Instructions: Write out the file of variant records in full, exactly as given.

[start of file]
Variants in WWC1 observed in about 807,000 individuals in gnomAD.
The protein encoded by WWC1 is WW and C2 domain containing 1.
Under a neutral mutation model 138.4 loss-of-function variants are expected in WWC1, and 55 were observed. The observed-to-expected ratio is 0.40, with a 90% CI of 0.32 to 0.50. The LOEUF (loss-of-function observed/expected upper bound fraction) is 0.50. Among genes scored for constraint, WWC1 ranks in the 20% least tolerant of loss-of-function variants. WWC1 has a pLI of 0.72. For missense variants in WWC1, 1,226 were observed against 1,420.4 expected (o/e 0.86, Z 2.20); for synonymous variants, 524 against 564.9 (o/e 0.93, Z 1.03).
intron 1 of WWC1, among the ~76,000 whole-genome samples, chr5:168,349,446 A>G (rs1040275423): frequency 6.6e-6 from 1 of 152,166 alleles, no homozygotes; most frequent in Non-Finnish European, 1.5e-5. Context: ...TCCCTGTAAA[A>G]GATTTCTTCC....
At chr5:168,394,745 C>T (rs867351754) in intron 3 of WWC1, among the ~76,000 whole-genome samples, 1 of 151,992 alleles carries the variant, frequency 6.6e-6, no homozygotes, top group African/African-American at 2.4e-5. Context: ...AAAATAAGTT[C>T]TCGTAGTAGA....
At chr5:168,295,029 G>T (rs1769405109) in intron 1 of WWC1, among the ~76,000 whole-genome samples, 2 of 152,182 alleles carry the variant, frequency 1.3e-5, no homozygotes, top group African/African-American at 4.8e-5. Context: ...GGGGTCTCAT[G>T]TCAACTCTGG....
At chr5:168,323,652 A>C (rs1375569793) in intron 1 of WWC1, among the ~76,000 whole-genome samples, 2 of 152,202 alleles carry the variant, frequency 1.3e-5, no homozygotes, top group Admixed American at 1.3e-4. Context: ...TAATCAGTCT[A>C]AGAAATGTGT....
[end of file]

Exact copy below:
Variants in WWC1 observed in about 807,000 individuals in gnomAD.
The protein encoded by WWC1 is WW and C2 domain containing 1.
Under a neutral mutation model 138.4 loss-of-function variants are expected in WWC1, and 55 were observed. The observed-to-expected ratio is 0.40, with a 90% CI of 0.32 to 0.50. The LOEUF (loss-of-function observed/expected upper bound fraction) is 0.50. Among genes scored for constraint, WWC1 ranks in the 20% least tolerant of loss-of-function variants. WWC1 has a pLI of 0.72. For missense variants in WWC1, 1,226 were observed against 1,420.4 expected (o/e 0.86, Z 2.20); for synonymous variants, 524 against 564.9 (o/e 0.93, Z 1.03).
intron 1 of WWC1, among the ~76,000 whole-genome samples, chr5:168,349,446 A>G (rs1040275423): frequency 6.6e-6 from 1 of 152,166 alleles, no homozygotes; most frequent in Non-Finnish European, 1.5e-5. Context: ...TCCCTGTAAA[A>G]GATTTCTTCC....
At chr5:168,394,745 C>T (rs867351754) in intron 3 of WWC1, among the ~76,000 whole-genome samples, 1 of 151,992 alleles carries the variant, frequency 6.6e-6, no homozygotes, top group African/African-American at 2.4e-5. Context: ...AAAATAAGTT[C>T]TCGTAGTAGA....
At chr5:168,295,029 G>T (rs1769405109) in intron 1 of WWC1, among the ~76,000 whole-genome samples, 2 of 152,182 alleles carry the variant, frequency 1.3e-5, no homozygotes, top group African/African-American at 4.8e-5. Context: ...GGGGTCTCAT[G>T]TCAACTCTGG....
At chr5:168,323,652 A>C (rs1375569793) in intron 1 of WWC1, among the ~76,000 whole-genome samples, 2 of 152,202 alleles carry the variant, frequency 1.3e-5, no homozygotes, top group Admixed American at 1.3e-4. Context: ...TAATCAGTCT[A>C]AGAAATGTGT....